Triple-negative breast cancer (TNBC) is defined by what it is not rather than what it is. TNBC cells lack estrogen and progesterone receptors and do not overproduce the HER2 protein. This means that targeted medications targeting hormone or HER2 receptors are ineffective for this type of cancer, hence chemotherapy is usually required. But that doesn’t mean that all TNBCs are the same.
According to a new study from Yale Cancer Center, inhibiting the CECR2 gene inhibits triple-negative breast cancer from progressing or metastasizing. The discovery is an important first step toward developing novel therapies for triple-negative breast cancer (TNBC), one of the most difficult disease subtypes to treat. The findings were published in the journal Science Translational Medicine today.
TNBCs are typically regarded as aggressive since they are detected at a younger age, emerge in younger people, and grow quicker than other types of breast cancer. Furthermore, if these tumours do not react to chemotherapy in the early stages, they are more likely to spread to other regions of the body. According to the American Cancer Society, the five-year relative survival rate for those with TNBC is 77 percent at all stages, 65 percent for those with regional metastases, and 12 percent for those with distant metastases. Even when the cancer is detected early, it is estimated that one-third of patients would experience a relapse of TNBC after routine chemotherapy and surgery.
We will continue to investigate these significant findings. Using a variety of cutting-edge technologies, we are attempting to characterize the processes through which CECR2 affects gene expression and the tumor microenvironment. In addition, we plan to produce small molecule CECR2 inhibitors for clinical trials.Associate Professor Qin Yan
“These findings are very encouraging because there are few effective treatments for triple-negative breast cancer once it has spread,” said senior study author Qin Yan, Ph.D., Associate Professor of Pathology and Director of the Center for Epigenetics and Biomarkers in the Department of Pathology at Yale School of Medicine, co-leader of the Genomics, Genetics, and Epigenetics Research Program, and Scientific Co-Director of the Yale Cancer Center’s Center for Breast Cancer. “We are continually looking for novel and effective therapeutic strategies to aid individuals suffering from this potentially fatal disease.”
In this study, researchers examined 13 pairs of primary and metastatic breast tumor samples from breast cancer patients. They discovered a therapeutic target in the form of a gene named CECR2, which boosted expression in cancers that had migrated to distant organs. The researchers observed that CECR2 enabled breast cancer cells to move and infect neighboring tissues while evading detection by the host immune system. As a result of CECR2 targeting, T cells were activated, preventing the tumor from spreading.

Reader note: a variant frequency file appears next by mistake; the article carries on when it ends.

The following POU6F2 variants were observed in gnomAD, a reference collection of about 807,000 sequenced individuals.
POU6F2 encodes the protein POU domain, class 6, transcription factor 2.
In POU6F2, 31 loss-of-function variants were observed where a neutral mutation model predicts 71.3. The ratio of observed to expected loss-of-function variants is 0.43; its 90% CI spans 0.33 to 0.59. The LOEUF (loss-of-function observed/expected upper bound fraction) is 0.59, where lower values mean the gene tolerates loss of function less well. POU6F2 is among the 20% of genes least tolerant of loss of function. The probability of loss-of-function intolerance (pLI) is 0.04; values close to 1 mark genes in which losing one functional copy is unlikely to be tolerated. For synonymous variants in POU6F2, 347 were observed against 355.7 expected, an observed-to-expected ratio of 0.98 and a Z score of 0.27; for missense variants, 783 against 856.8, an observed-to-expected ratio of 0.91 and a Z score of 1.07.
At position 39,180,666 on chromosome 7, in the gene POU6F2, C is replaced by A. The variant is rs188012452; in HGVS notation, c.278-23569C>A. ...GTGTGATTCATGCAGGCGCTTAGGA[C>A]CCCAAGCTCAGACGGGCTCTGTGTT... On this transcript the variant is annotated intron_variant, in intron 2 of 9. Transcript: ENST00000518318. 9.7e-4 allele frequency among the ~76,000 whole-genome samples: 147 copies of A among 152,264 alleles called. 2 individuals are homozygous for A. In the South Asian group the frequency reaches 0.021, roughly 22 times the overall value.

Researchers also showed that small molecule CECR2 inhibitors can decrease the capacity of TNBC cells to propagate in cell cultures and animal models, opening up a novel therapeutic option for treating advanced disease. According to the researchers, the findings could lead to a better response to current immunotherapies, which have a limited efficacy against breast cancer as monotherapies.
Triple-negative breast cancer (TNBC) is a particularly severe form of mammary carcinoma. Because a fraction of TNBC is immune activated, immunotherapy may be a potential treatment option. In metastatic programmed death ligand-1 (PD-L1)-positive TNBC patients treated first line, phase III clinical trials have demonstrated that atezolizumab or pembrolizumab is well tolerated in conjunction with chemotherapy, with a benefit in progression-free survival.
“We will continue to investigate these significant findings,” Yan stated. “Using a variety of cutting-edge technologies, we are attempting to characterize the processes through which CECR2 affects gene expression and the tumor microenvironment. In addition, we plan to produce small molecule CECR2 inhibitors for clinical trials.”
However, as researchers learn more about the differences in TNBC and create more tailored medications, a diagnosis that once seemed hopeless now has new rays of hope, thanks in large part to dramatic advancements in treatment over the last two or three years. “I’d say we’ve made a lot of progress recently,” Nanda says. “We’ve had a lot of medications licensed for triple-negative disease in the last couple of years.”